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Indian $10 display at Long Beach

Listed in the PCGS Set Registry as
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In the eyes of the Professional Coin Grading Service, John Kutasi?s collection of $10 Indian Head gold pieces is the finest around.

Listed in the PCGS Set Registry as ?the number one finest set of all time? of Indian Head $10 circulation strikes, Kutasi?s collection (1907-1933) will be exhibited publicly for the first first time at the Long Beach, Calif., Coin, Stamp & Collectibles Expo, which will be held Feb. 9-11 at the Long Beach, Calif., Convention Center.

The display will be featured during the show at the PCGS booth.

?The Saint-Gaudens $10 Indians are a work of art and my favorite series. I never thought I would own a complete set and didn?t start building this set until January 2004,? said Kutasi, who estimates the value of the set ?north of $3.5 million, but current values do not truly reflect the rarity of this series.?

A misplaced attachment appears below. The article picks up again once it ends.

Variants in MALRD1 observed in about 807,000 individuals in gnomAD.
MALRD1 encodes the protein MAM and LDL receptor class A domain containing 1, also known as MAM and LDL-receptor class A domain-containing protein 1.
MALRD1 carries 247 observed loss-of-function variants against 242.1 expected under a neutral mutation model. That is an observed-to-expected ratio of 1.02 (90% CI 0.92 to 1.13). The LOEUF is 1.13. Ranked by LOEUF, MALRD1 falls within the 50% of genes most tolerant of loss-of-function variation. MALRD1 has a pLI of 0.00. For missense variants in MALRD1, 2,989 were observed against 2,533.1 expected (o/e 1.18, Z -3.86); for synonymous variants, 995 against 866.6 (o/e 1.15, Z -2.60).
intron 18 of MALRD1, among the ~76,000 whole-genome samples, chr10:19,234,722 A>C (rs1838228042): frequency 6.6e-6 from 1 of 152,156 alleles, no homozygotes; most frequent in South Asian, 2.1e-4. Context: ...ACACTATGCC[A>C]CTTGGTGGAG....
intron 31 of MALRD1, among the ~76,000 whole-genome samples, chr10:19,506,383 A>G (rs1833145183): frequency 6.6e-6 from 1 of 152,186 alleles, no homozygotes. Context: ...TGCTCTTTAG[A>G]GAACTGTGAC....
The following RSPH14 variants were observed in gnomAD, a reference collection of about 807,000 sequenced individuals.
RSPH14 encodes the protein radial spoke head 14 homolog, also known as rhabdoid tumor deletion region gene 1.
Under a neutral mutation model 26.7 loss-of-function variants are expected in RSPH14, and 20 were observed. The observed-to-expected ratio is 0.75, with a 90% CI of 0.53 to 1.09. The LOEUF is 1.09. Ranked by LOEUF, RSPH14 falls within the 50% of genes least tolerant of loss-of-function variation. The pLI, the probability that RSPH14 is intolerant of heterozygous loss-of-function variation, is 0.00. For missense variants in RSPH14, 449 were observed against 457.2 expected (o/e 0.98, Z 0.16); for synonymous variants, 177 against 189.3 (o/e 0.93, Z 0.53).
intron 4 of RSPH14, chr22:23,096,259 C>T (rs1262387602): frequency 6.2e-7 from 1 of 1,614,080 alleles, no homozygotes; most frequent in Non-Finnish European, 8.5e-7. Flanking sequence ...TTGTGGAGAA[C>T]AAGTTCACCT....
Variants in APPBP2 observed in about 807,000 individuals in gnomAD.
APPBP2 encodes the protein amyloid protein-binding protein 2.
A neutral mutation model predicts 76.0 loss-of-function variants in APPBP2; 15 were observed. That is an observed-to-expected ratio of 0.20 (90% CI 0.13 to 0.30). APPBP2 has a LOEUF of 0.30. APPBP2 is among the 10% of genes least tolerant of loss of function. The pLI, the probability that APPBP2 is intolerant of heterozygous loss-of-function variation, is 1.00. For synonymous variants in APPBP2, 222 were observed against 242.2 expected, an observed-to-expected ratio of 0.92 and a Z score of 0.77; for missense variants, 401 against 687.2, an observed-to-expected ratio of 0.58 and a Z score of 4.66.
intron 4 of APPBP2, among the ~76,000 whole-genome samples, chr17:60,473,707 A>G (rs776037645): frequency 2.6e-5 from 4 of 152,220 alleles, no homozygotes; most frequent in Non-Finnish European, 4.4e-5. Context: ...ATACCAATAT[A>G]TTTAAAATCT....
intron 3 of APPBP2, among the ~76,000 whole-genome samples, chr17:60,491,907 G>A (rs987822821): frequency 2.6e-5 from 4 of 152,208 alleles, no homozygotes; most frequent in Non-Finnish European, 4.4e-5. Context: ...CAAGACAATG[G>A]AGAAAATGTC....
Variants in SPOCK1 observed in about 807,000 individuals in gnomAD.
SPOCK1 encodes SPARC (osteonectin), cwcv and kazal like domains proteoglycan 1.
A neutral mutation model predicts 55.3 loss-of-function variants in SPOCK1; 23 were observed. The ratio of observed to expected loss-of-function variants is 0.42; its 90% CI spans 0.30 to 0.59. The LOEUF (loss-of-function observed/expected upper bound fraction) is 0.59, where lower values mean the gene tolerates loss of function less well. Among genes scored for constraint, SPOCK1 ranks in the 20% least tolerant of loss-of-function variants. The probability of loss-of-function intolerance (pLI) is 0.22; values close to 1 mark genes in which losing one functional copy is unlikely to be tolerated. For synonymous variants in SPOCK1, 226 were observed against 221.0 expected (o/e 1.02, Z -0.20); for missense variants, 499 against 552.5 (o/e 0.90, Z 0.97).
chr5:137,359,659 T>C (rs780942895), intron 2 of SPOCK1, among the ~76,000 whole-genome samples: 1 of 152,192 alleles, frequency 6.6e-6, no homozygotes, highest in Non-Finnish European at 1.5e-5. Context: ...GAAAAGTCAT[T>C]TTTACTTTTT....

The set?s weighted grade point average is 65.73 compared to a possible highest average of 66.52 of all finest known specimens, PCGS records.

?John Kutasi built a phenomenal collection of 20th century U.S. gold coins, particularly $10 Indians and $20 Saint-Gaudens double eagles, in just a few short years,? said Ron Guth, president of PCGS. ?Many collectors spend a lifetime trying to reach the goals that John has attained. It?s not just about money, either. John built his collection through drive, determination, and the willingness to solicit the help of knowledgeable dealers who had access to coins that might not otherwise have become available. His success is proof that nothing can stand in the way of a determined collector.?

According to B.J. Searls, manager of the PCGS Set Registry, Kutasi?s complete collection of Indian Head eagles contains 13 coins that are either the finest known or tied for finest known examples.

Included among them are: a 1907 Wire Edge, PCGS MS-66; a 1907 Rolled Edge, PCGS MS-67; a 1907 No Motto, PCGS MS-67; a 1909-S, PCGS MS-67; a 1911-D, PCGS MS-65; a 1913-S, PCGS MS-66; a 1920-S, PCGS MS-66; and a 1933, PCGS MS-65.